Dupilumab Is an Effective Add-On Therapy for Aspirin-Exacerbated Respiratory Disease

Aspirin in palm of hand
Aspirin in palm of hand
Researchers evaluated the efficacy of dupilumab for chronic rhinosinusitis with nasal polyposis in aspirin-exacerbated respiratory disease.

After careful consideration, the American Academy of Allergy, Asthma & Immunology canceled its annual meeting that was to take place in Philadelphia, Pennsylvania from March 13 to 16, because of concerns regarding the coronavirus disease 2019 (COVID-19) outbreak. Although the live events will not proceed as planned, our readers can still find coverage of research that was scheduled to be presented at the meeting.

Dupilumab is a highly effective add-on therapy for uncontrolled chronic rhinosinusitis with nasal polyposis (CRSwNP) in aspirin-exacerbated respiratory disease (AERD), improving sinus imaging, markers of T2 inflammation, and patient-reported outcomes, according to research intended to be presented at the American Academy of Allergy, Asthma & Immunology (AAAAI) Annual Meeting.

In this 6-month, single-blinded trial, researchers sought to evaluate the efficacy of dupilumab for uncontrolled CRSwNP in AERD.

Patients received 4 weeks of placebo, followed by 24 weeks of dupilumab. The primary study outcome was change in Sino-Nasal Outcome Test (SNOT-22). Secondary outcomes included change in Asthma Control Test, measurement of fractional nitric oxide in exhaled breath (FeNO), Lund-MacKay score, Mini Asthma Quality of Life Questionnaire (AQLQ), serum immunoglobulin E (IgE), spirometry, University of Pennsylvania Smell Identification Test (UPSIT), and urinary leukotriene E4 (LTE4). These changes were compared using the Wilcoxon-paired sign rank test.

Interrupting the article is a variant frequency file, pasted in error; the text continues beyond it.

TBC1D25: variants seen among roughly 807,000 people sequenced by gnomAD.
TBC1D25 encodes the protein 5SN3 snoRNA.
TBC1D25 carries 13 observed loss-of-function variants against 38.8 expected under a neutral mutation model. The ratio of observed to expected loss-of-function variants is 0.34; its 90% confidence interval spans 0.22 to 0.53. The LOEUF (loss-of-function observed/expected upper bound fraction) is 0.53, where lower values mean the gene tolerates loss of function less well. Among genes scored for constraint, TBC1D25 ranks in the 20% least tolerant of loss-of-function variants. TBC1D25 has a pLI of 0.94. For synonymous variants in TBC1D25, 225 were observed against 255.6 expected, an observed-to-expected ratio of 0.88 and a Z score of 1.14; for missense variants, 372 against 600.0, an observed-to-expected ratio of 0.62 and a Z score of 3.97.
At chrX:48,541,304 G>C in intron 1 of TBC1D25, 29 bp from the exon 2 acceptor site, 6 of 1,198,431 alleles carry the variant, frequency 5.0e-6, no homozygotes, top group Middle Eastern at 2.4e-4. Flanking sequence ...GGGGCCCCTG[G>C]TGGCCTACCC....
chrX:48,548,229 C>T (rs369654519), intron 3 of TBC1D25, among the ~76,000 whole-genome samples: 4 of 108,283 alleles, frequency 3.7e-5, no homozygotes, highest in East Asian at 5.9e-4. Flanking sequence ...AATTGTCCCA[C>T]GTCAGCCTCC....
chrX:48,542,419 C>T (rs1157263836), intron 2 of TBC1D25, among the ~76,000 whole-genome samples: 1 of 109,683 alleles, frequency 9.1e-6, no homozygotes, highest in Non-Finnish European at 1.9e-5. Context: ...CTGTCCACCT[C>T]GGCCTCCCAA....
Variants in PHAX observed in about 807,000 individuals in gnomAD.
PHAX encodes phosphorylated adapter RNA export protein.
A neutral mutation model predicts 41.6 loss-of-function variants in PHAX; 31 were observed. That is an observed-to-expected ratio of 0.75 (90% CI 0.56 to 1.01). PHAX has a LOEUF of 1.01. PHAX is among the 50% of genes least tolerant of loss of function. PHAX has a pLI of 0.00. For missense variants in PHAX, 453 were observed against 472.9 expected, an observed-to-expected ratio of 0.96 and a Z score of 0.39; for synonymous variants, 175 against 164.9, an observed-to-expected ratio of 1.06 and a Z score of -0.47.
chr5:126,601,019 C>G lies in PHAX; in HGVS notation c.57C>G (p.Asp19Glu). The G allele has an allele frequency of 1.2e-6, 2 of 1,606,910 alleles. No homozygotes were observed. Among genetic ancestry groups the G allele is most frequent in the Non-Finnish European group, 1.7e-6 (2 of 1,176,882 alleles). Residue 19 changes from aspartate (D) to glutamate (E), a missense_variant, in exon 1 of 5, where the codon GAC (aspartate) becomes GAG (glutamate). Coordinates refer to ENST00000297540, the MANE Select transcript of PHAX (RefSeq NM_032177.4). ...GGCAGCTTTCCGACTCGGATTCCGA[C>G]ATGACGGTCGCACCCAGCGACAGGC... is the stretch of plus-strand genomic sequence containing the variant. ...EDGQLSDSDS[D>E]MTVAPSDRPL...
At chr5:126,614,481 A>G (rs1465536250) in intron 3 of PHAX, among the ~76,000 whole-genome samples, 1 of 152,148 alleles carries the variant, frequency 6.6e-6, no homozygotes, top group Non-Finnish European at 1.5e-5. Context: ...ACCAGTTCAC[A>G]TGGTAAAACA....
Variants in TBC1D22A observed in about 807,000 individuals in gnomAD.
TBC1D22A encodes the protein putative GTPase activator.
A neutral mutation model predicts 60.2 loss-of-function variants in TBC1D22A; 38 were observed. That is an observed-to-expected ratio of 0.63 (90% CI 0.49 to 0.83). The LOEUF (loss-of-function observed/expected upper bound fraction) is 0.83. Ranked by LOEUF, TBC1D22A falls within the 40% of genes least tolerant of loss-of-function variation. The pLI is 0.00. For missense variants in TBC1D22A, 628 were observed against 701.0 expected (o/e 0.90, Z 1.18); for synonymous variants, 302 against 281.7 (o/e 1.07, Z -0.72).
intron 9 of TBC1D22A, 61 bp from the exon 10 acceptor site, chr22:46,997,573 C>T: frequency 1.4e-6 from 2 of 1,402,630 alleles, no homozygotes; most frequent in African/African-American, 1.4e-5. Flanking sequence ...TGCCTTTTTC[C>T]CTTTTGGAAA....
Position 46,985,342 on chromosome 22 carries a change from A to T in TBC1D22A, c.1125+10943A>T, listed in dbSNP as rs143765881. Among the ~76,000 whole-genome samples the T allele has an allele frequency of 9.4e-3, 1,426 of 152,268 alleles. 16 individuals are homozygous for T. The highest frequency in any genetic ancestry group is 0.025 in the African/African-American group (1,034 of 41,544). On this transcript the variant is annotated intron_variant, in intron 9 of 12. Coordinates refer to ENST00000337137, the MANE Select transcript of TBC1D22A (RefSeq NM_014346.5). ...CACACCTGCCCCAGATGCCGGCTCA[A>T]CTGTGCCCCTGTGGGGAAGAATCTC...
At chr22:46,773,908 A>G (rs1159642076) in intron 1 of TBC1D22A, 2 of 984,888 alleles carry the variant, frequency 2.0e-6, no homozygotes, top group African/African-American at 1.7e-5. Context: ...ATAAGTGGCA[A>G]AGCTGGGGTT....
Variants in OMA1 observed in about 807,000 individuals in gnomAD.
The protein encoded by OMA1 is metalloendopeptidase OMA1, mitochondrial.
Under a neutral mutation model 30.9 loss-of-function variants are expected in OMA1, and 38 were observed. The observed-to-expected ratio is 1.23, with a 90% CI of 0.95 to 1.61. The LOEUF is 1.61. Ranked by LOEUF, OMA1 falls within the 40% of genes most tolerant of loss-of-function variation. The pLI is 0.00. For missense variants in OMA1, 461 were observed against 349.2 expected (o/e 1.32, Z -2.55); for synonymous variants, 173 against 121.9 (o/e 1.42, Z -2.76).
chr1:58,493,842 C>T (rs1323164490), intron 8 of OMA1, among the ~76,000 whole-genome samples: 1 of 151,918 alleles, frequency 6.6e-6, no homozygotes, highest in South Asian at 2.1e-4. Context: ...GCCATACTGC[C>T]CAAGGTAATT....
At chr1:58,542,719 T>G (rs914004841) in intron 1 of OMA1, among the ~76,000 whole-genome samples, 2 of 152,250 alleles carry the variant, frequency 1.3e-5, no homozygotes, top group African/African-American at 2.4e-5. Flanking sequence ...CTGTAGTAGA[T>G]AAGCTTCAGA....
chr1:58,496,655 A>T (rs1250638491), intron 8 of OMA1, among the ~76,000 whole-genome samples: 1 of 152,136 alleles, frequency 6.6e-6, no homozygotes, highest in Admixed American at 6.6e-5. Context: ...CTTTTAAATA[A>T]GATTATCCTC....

Of the 10 participants, 9 completed the study, with a median age of 48 years, 3 sinus surgeries, and 3 courses of systemic steroids during the previous year. Significant improvements were seen in SNOT-22 from baseline (37; interquartile [IQ], 31-60) to 6 months (10 [IQ, 4-20]); P =.008]. Significant improvements were also seen in secondary outcomes, including ACT (22 [IQ, 21-25] to 25 [IQ, 23-25]; P =.028); FeNO (21 ppb [IQ, 13-36 ppb] to 8 ppb [IQ, 6-18 ppb]; P =.008); Lund-MacKay score  (21 [IQ, 17-23] to 3 [IQ, 2-6]; P =.008); mini-AQLQ (98 [IQ, 90-104] to 102 [IQ, 98-105]; P =.028), total serum IgE (65 IU/mL [IQ, 44-310 IU/mL] to 16 IU/mL [IQ, 14-64 IU/mL]; P =.008); UPSIT (11 [IQ, 9-24] to 32 [IQ, 26-33]; P =.038); and urinary LTE4 (258 IU/mL [IQ, 146-288 IU/mL] to 100 IU/mL [IQ, 63-107 IU/mL]; P =.021).

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Study investigators concluded, “Dupilumab was highly effective as add-on therapy for CRSwNP in AERD, improving patient-reported outcomes, sinus imaging, and markers of T2 inflammation.”


Mustafa S, Vadamalai K, Scott B, Ramsey A. Dupilumab as add-on therapy for aspirin-exacerbated respiratory disease (AERD). J Allergy Clin Immunol. 2020;145(Suppl 2):AB173.

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This article originally appeared on Pulmonology Advisor